“Damn it. Come out and face me, you bloody coward,” he yelled. He felt movement from his left side and turned quickly, his sword slicing through the air and finding no purchase. Frustrated and angry, he turned sharply, and frantically struck out with his weapon, hoping whoever or whatever the son-of-a-bitch was it would get close enough to get several inches of cold, deadly steel.
Then he felt it, a powerful jolt of something very familiar crawling up his spine -- immortal presence. He gripped his sword tightly with both hands and turned a full one hundred and eighty degrees.
He was suddenly grabbed from behind and slammed up against one of the buildings. He kicked out, preparing to charge the other immortal, when he was punched in the gut and his arm was smashed against the unyielding brick building. His sword fell onto the ground with a sickening clank as he was gripped by the shoulders and shaken.
“Methos? Methos, stop. It’s me.”
He peered into concerned brown eyes as the whine in his ears subsided and his vision began to clear. Macleod? Damn it all to hell. What was the man doing? He could have been killed. Just ask Richie Ryan. Well, if you could. Actually, the stupid child was quite dead. That’s what happens when you run into another immortal’s blade when said immortal is being baited by an evil demon. He giggled, well aware that Macleod would never see the humor in his distorted thought processes.
He was shaken again--hard. A small, pounding headache began to grow behind his eyes.
“Methos, I don’t know what is going on, but let’s go. My car is parked up the street.”
Suddenly Methos was angry again, and he pushed the other man away, fully aware that it wasn’t Mac he was really mad at, but unable to pull back on the extreme emotions he felt bubbling to the surface.
“No, MacLeod. Why are you following me?”
“Following? Methos, I was looking for you because I was worried. You’ve been gone all day and you weren’t answering your phone.”
Duncan sounded genuinely concerned, and perfectly reasonable, which seemed to spike his anger even more. “You were worried. Well, guess what, Highlander? I don’t need to be coddled by you. I’ve been taking care of myself for centuries before you came along.”
He shoved away from the wall and picked up his sword. Holding it out in front of him in a clear warning he backed slowly out of the alley. “Stay away, Mac. I will hurt you.”
“Methos.” Duncan took a cautious step toward him.
Methos contemplated running the man through, but something about the worry in Duncan’s face unnerved him and he felt his anger begin to diffuse. Weary, but determined, he dropped his arm to his side and turned away. “I’m outta here.”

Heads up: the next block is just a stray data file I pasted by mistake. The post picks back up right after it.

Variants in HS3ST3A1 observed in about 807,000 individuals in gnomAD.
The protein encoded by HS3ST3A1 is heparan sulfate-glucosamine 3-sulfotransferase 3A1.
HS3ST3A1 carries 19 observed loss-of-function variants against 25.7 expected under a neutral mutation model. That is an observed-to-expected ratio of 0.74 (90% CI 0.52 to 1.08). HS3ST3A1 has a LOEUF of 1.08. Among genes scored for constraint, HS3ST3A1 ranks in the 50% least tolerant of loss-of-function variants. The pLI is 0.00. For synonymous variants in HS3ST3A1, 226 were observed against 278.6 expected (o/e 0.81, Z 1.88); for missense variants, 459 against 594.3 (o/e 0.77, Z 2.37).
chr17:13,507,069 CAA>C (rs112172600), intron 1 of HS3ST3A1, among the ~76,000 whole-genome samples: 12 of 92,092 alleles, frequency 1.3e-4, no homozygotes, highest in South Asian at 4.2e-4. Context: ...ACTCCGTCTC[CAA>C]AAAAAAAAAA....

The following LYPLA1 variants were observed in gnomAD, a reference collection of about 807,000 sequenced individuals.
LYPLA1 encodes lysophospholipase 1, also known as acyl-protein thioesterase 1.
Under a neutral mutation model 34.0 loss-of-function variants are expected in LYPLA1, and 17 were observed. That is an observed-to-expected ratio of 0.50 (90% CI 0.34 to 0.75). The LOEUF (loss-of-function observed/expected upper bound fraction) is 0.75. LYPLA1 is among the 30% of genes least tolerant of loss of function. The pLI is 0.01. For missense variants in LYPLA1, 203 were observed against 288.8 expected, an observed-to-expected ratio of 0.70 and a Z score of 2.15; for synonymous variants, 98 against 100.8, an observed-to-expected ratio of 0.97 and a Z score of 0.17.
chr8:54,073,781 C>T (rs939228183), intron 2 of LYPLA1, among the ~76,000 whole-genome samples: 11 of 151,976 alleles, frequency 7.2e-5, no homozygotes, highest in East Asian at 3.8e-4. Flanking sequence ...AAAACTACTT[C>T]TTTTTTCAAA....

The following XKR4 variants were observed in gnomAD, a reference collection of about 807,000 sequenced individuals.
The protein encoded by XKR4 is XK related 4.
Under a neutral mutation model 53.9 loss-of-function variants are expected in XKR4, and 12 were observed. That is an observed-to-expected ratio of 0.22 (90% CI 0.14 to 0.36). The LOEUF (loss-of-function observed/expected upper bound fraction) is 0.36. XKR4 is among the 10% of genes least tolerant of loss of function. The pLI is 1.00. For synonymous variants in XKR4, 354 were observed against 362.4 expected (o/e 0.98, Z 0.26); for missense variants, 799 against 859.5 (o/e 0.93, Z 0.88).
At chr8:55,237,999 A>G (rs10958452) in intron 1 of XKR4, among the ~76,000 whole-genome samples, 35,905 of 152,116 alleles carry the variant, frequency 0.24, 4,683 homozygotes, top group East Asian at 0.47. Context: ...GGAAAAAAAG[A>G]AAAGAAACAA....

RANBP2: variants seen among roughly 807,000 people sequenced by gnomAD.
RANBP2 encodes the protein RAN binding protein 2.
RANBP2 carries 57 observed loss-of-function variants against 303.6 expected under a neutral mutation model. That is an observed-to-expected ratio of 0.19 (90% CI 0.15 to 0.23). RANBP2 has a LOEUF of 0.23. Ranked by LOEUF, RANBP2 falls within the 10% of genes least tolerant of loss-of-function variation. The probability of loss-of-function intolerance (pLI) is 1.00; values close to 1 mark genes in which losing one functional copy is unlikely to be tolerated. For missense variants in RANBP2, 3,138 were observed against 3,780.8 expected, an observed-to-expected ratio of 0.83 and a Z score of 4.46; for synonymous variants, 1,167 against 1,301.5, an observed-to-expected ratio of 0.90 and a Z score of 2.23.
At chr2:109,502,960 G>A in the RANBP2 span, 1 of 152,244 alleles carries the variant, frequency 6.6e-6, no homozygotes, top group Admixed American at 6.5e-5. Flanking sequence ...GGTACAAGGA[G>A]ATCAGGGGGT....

In an instant he was grabbed from behind and slammed back up against the building.
“No, you’re not outta here.” He was pulled away by his coat lapels and slammed back hard. “Talk to me, dammit.” Mac said roughly.
“No!” Methos spit the word out on a breath, flung his sword to the ground and slammed his fist into Duncan’s jaw, feeling a smug sense of satisfaction when he heard bone crack. Unfortunately, his triumph was short lived as Mac’s fist found his mouth in return and he was gagging on blood and saliva.
A knee to Mac’s groin released him and he used the opportunity to run, well aware that he had not retrieved his sword and not caring. Soon enough he would be back on the street and Mac wouldn’t dare confront him in front of an audience.
But before he could get to the street he was tackled, landing face down in the dirt and gravel. He felt the sharp rocks tear into his skin and closed his eyes tightly, determined not to cry out as his arm was twisted unnaturally behind him and a knee was shoved hard into the small of his back.
“Would you listen to me?” Duncan sounded winded as he fought to hold Methos down. “I don’t know what is going on, but I’m here to help you. Whatever this is, we can fight it together. Don’t do this, Methos.”
“Duncan.” Methos wasn’t sure why, but suddenly the tightness around his chest gave way and he stopped struggling. The hold on his arm loosened slightly easing the sharp pain in his shoulder. He took a deep breath and felt tears dampen his lids. Bloody hell!
Duncan released the knee from his back and strong arms were turning him over. “Let me help you.”
“I can’t. It will come after you.” The words were coming easier now and he fought back the tears, fearing they would break loose as a week’s worth of fear and torment bore down on him all at once.
“Not if we fight this thing together.”
Methos sat up, batting Duncan’s hands away as he reached out to help him. “I’m fine, Mac. Give me a minute.”
Duncan stood up and backed away for which he was grateful. Letting the man see him this fearful and unhinged was not acceptable. He took a deep, shuddering breath and fought to pull himself together. His shoulder and back still ached although the small cuts and abrasions on his face had already healed. Leaning over, he spit out the dirt and grit which had accumulated in his mouth when he was slammed face down.
Standing up on shaky legs, he bent over and retrieved his sword. “I believe you said you were parked nearby?”
“Yeah. Come on.” Duncan reached out to him, but dropped his arm and stepped back when Methos jerked away roughly from his touch. Methos heard the deep sigh behind him and felt a twinge of guilt, but right now he was too unsettled to accept Duncan’s need to care for him. He just hoped Duncan would understand and give him some space until he could pull himself together and sort out his thoughts.On to Part Two